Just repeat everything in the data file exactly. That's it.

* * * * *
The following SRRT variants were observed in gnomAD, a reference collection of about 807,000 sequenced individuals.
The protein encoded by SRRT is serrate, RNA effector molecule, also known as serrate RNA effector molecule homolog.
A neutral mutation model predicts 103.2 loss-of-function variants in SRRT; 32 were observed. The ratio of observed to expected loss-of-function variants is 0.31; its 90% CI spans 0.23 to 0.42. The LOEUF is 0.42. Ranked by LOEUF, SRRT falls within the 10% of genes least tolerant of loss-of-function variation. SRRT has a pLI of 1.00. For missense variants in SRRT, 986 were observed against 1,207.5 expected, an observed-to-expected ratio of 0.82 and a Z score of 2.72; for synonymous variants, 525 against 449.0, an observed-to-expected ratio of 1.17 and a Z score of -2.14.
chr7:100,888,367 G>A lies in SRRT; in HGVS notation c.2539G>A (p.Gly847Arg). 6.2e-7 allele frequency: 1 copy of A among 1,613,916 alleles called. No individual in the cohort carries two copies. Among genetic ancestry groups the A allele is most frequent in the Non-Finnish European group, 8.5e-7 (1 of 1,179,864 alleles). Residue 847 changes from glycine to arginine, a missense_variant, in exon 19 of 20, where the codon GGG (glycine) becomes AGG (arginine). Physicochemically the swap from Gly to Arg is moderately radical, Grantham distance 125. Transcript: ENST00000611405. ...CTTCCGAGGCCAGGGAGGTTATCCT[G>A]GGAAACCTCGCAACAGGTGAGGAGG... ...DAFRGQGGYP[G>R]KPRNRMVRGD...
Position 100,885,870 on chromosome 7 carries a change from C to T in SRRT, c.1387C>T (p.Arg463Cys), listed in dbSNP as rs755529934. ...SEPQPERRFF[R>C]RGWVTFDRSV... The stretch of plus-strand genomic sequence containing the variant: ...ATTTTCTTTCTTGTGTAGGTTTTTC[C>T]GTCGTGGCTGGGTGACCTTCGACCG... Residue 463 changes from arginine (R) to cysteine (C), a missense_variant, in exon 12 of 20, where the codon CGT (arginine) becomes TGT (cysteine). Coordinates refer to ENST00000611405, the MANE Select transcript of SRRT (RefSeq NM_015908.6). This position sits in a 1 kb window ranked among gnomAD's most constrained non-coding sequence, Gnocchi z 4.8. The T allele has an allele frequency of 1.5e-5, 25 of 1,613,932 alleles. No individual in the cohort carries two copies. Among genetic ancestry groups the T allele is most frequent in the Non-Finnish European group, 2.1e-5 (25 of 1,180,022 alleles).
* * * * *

The following SRRT variants were observed in gnomAD, a reference collection of about 807,000 sequenced individuals.
The protein encoded by SRRT is serrate, RNA effector molecule, also known as serrate RNA effector molecule homolog.
A neutral mutation model predicts 103.2 loss-of-function variants in SRRT; 32 were observed. The ratio of observed to expected loss-of-function variants is 0.31; its 90% CI spans 0.23 to 0.42. The LOEUF is 0.42. Ranked by LOEUF, SRRT falls within the 10% of genes least tolerant of loss-of-function variation. SRRT has a pLI of 1.00. For missense variants in SRRT, 986 were observed against 1,207.5 expected, an observed-to-expected ratio of 0.82 and a Z score of 2.72; for synonymous variants, 525 against 449.0, an observed-to-expected ratio of 1.17 and a Z score of -2.14.
chr7:100,888,367 G>A lies in SRRT; in HGVS notation c.2539G>A (p.Gly847Arg). 6.2e-7 allele frequency: 1 copy of A among 1,613,916 alleles called. No individual in the cohort carries two copies. Among genetic ancestry groups the A allele is most frequent in the Non-Finnish European group, 8.5e-7 (1 of 1,179,864 alleles). Residue 847 changes from glycine to arginine, a missense_variant, in exon 19 of 20, where the codon GGG (glycine) becomes AGG (arginine). Physicochemically the swap from Gly to Arg is moderately radical, Grantham distance 125. Transcript: ENST00000611405. ...CTTCCGAGGCCAGGGAGGTTATCCT[G>A]GGAAACCTCGCAACAGGTGAGGAGG... ...DAFRGQGGYP[G>R]KPRNRMVRGD...
Position 100,885,870 on chromosome 7 carries a change from C to T in SRRT, c.1387C>T (p.Arg463Cys), listed in dbSNP as rs755529934. ...SEPQPERRFF[R>C]RGWVTFDRSV... The stretch of plus-strand genomic sequence containing the variant: ...ATTTTCTTTCTTGTGTAGGTTTTTC[C>T]GTCGTGGCTGGGTGACCTTCGACCG... Residue 463 changes from arginine (R) to cysteine (C), a missense_variant, in exon 12 of 20, where the codon CGT (arginine) becomes TGT (cysteine). Coordinates refer to ENST00000611405, the MANE Select transcript of SRRT (RefSeq NM_015908.6). This position sits in a 1 kb window ranked among gnomAD's most constrained non-coding sequence, Gnocchi z 4.8. The T allele has an allele frequency of 1.5e-5, 25 of 1,613,932 alleles. No individual in the cohort carries two copies. Among genetic ancestry groups the T allele is most frequent in the Non-Finnish European group, 2.1e-5 (25 of 1,180,022 alleles).